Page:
I wish I could say I remembered to take a photo of all those little darlings before I split them up and found homes for them, but I did not. But here are some of them “hardening off” outside before being taken away.


Where did they all go? I kept six for my garden area, two for pots. Gave four to my mom (she asked for three). I borrowed some land at her house to keep a few more for myself  because there were so many new ones I was curious about. And I took about twenty down to the community center for Mother’s Day gifts.

What did I learn? That tomato seeds have great viability. Did some of the older seeds produce runtier looking seedlings? Yes. The most vigorous, healthy plants are always the ones I get from friends. These seeds are fresh and they are local to my area.

Best of all, I can now pass on most of my seeds and not feel overwhelmed next year with all that buildup. Okay, that’s not the best of all. Best of all will be seeing all the new-to-me tomatoes!

Do you have a favorite tomato? Share in the comments below.

Sandra Smith is the author of the awesome and award-winning middle grade/YA series, Seed Savers. Visit her Facebook and Pinterest pages. Follow her on TwitterSign up for the newsletter!


Seed Savers Treasure Cover Reveal

Here it is, as promised, the new cover for rerelease of Seed Savers Treasure:


I think it’s gorgeous and conveys both the adventure and the garden theme. If you’re new to the Seed Savers series, here’s the scoop on book 1, Treasure:

Two kids, two bikes, and an idea they can change their world.

It’s 2077. There’s no apocalypse, but some things are different. Things like the weather, the internet, and food. In twelve-year-old Clare’s world, blueberry is just a flavor and apples are found only in fairy tales.

Then one day Clare meets a woman who teaches her about seeds and real food. Ana tempts Clare with the notion that food exists other than the square, packaged food she has always known. With Ana’s guidance, Clare and her friends learn about seeds and gardening despite suspicions that such actions are illegal.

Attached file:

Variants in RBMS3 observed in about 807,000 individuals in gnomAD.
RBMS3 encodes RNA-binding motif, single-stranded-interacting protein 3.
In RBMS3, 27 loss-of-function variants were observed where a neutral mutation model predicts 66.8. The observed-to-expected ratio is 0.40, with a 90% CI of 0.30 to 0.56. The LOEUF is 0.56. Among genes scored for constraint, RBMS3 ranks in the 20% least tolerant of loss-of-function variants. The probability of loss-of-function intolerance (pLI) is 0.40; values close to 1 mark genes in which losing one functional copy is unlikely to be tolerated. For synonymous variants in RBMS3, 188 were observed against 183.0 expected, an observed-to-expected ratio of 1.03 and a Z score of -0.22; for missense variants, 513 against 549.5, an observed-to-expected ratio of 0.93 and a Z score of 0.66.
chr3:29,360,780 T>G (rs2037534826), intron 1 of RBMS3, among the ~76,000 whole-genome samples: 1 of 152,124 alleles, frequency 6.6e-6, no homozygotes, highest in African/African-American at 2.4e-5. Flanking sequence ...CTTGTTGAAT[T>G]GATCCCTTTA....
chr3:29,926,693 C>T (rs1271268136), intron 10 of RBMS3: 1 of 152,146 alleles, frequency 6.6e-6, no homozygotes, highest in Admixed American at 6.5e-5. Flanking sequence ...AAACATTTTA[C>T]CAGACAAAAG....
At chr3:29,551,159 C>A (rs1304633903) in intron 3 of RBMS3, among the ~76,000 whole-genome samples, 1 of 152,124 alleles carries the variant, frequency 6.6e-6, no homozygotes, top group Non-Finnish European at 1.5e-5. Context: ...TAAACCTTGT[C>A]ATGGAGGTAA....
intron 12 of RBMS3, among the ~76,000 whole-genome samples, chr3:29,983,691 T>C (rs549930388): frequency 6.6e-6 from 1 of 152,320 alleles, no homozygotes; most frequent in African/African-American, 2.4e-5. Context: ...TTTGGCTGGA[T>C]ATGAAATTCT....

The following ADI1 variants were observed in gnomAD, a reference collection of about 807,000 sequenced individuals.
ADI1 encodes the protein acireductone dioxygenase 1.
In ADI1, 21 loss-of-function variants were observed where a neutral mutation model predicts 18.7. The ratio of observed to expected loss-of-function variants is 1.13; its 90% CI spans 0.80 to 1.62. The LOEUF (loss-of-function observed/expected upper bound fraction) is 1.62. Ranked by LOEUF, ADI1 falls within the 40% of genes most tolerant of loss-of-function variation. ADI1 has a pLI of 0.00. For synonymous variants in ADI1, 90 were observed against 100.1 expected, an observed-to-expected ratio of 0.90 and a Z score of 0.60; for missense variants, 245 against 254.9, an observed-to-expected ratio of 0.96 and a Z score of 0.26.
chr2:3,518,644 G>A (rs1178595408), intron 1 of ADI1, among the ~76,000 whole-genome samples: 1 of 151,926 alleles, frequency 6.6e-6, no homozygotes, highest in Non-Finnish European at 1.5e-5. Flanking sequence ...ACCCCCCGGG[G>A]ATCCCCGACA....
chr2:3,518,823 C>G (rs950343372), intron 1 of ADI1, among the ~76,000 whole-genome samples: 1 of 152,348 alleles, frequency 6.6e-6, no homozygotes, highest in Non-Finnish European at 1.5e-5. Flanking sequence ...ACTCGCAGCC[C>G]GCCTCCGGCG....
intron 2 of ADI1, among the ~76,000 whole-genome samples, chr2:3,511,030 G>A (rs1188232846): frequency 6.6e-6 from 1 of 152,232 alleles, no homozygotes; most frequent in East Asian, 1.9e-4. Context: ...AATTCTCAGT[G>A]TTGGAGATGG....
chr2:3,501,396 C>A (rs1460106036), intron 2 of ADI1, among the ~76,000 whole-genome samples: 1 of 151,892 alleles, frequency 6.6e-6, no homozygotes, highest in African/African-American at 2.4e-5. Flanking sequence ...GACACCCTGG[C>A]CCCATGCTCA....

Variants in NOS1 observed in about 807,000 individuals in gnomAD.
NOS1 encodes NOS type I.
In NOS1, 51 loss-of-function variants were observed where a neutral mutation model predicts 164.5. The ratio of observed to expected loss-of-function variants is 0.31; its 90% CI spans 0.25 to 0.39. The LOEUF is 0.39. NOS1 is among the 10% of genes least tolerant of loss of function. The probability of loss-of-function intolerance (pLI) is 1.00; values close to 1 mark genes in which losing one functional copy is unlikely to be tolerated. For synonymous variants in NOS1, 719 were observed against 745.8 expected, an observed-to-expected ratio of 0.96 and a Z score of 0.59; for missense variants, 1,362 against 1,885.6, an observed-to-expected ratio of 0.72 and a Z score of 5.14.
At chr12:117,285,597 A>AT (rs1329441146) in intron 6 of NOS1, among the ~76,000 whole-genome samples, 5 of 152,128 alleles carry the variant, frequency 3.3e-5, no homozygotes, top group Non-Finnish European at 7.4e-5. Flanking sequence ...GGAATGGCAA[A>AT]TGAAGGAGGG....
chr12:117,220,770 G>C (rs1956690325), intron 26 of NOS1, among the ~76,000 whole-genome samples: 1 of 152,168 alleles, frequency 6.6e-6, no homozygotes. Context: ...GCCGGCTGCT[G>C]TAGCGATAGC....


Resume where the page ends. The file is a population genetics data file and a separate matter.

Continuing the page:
When the authorities discover the children’s forbidden tomato plant and arrest their mother, Clare and her brother flee. Clare has heard of a place called “The Garden State,” and with their bikes, a little money, and backpacks, the children begin a lonely cross-country journey that tests them both physically and spiritually. Will they succeed in their quest to find a place of food freedom? And can they, only children, help change the world?

Treasure will be available by the end of this month. I will keep you posted. Here is the schedule for the other books:

Lily – August 30

Heirloom – October

Keeper – February 2019

Unbroken – April 2019

In the meantime, let me know what you think of the cover in the comments below. 🙂

Sandra Smith is the author of the awesome and award-winning middle grade/YA series, Seed Savers. Visit her Facebook and Pinterest pages. Follow her on TwitterSign up for the newsletter!



Announcing Seed Savers:Treasure Cover Reveal

Many of you have probably noticed that I haven’t been blogging much recently.

I’ve       been        busy.  🙂

Here is my great news: Seed Savers is being rereleased by a new, small publisher called Flying Books House. The books are getting great new covers and interior work as well. I’m very excited!!!


Although we had hoped to have Treasure out by Earth Day, the plan now is for it to be available to purchase by the end of May, so still in time for you to read and garden. 😉

Cover reveal  for Treasure will be right here on my blog on Monday!!

For those of you who are subscribers to my newsletter, you’ll get to see it over the weekend. Be watching your inboxes.

If you can’t tell, I’m really excited about this. I’ve always dreamed of having an illustrated cover and one that shows the gardening theme of Seed Savers. The new covers fit the bill.

Until Monday…

and have a super weekend!


Sandra Smith is the author of the awesome and award-winning middle grade/YA series, Seed Savers. Visit her Facebook and Pinterest pages. Follow her on TwitterSign up for the newsletter!


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Clare & Dante Prepare for Easter

Reblogging this Easter post from a few years ago…

Sandra Smith, author

In recognition of the season, here is an excerpt from Heirloom (Seed Savers, 3), in which Clare and Dante prepare for Easter with their host parents in Canada. Growing up in a place where real eggs were unknown, it’s their first experience coloring eggs.